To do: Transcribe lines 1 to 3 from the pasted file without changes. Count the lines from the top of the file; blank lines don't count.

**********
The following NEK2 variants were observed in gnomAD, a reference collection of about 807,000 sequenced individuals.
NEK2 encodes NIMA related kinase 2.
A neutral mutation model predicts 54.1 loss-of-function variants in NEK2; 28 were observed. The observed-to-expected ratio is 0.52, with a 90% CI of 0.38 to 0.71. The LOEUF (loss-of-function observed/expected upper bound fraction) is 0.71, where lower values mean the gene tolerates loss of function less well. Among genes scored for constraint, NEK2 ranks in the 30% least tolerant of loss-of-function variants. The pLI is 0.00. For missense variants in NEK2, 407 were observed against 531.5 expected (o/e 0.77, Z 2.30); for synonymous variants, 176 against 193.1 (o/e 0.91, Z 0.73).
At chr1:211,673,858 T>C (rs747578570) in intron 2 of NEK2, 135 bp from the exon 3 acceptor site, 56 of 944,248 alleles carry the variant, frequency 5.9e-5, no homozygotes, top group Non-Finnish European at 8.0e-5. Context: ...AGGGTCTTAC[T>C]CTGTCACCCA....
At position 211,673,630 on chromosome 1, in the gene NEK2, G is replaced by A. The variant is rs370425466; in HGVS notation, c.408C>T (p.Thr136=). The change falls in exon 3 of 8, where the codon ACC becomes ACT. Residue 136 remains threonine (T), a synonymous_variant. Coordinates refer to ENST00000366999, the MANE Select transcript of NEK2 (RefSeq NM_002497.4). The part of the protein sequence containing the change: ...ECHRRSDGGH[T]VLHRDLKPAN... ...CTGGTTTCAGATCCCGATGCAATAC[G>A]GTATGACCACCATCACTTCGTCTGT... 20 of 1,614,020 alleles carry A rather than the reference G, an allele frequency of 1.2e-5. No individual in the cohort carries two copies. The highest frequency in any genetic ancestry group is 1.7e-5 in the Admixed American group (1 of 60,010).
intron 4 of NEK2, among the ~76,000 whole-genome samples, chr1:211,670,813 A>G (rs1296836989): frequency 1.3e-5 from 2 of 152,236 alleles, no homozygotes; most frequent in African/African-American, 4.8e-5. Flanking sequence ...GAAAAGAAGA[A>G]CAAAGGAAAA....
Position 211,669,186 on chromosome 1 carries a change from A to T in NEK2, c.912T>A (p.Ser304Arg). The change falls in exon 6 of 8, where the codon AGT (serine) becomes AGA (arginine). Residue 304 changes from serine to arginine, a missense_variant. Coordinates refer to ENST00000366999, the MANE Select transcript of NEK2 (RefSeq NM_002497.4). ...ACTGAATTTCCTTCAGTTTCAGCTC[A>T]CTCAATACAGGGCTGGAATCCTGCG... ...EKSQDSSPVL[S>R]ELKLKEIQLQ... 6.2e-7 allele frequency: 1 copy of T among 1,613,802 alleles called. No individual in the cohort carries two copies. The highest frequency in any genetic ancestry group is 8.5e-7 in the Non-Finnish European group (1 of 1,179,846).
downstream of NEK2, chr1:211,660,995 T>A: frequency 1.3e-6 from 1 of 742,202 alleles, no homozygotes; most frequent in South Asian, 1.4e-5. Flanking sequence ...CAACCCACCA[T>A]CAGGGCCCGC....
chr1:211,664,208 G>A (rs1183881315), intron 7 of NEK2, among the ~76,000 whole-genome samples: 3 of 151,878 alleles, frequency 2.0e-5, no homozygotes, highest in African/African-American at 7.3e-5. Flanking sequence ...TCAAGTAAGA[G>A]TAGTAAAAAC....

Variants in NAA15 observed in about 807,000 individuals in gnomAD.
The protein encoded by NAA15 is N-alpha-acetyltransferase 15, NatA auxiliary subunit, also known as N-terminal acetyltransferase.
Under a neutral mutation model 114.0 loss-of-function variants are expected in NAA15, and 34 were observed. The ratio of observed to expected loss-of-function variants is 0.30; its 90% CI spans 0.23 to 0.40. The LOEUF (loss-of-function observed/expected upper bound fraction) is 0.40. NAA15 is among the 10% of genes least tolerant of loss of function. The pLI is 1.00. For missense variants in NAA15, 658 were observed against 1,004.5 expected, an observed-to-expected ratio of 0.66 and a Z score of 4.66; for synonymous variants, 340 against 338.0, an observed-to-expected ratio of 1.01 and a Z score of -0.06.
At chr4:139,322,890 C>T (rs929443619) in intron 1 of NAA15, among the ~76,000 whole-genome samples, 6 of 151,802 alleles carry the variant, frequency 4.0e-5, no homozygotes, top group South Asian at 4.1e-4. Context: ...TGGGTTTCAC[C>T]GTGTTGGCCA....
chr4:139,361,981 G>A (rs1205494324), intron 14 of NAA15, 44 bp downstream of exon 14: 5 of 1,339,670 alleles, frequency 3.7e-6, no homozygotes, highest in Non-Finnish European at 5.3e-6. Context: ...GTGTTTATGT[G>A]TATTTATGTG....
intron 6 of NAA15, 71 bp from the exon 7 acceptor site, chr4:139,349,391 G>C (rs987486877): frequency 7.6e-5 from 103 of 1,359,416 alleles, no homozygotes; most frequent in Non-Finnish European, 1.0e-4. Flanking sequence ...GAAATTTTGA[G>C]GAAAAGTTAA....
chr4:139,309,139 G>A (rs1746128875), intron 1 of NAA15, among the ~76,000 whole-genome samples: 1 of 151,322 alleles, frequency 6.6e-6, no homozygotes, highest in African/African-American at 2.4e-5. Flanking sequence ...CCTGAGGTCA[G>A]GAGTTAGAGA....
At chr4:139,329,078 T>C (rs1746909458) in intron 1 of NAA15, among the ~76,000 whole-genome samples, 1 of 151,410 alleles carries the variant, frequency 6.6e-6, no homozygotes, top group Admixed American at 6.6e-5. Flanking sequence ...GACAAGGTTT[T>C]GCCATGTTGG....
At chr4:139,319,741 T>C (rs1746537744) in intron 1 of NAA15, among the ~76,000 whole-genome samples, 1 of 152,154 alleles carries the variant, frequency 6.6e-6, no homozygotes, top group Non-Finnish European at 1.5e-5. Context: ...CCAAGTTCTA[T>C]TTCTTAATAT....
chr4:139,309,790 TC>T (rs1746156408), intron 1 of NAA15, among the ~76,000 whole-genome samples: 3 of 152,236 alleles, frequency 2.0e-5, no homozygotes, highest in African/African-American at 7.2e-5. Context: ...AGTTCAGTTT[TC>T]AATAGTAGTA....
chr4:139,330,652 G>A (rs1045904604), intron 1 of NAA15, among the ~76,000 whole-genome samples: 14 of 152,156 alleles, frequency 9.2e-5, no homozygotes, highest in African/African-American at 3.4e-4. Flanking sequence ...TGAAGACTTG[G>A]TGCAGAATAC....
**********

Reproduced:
The following NEK2 variants were observed in gnomAD, a reference collection of about 807,000 sequenced individuals.
NEK2 encodes NIMA related kinase 2.
A neutral mutation model predicts 54.1 loss-of-function variants in NEK2; 28 were observed. The observed-to-expected ratio is 0.52, with a 90% CI of 0.38 to 0.71. The LOEUF (loss-of-function observed/expected upper bound fraction) is 0.71, where lower values mean the gene tolerates loss of function less well. Among genes scored for constraint, NEK2 ranks in the 30% least tolerant of loss-of-function variants. The pLI is 0.00. For missense variants in NEK2, 407 were observed against 531.5 expected (o/e 0.77, Z 2.30); for synonymous variants, 176 against 193.1 (o/e 0.91, Z 0.73).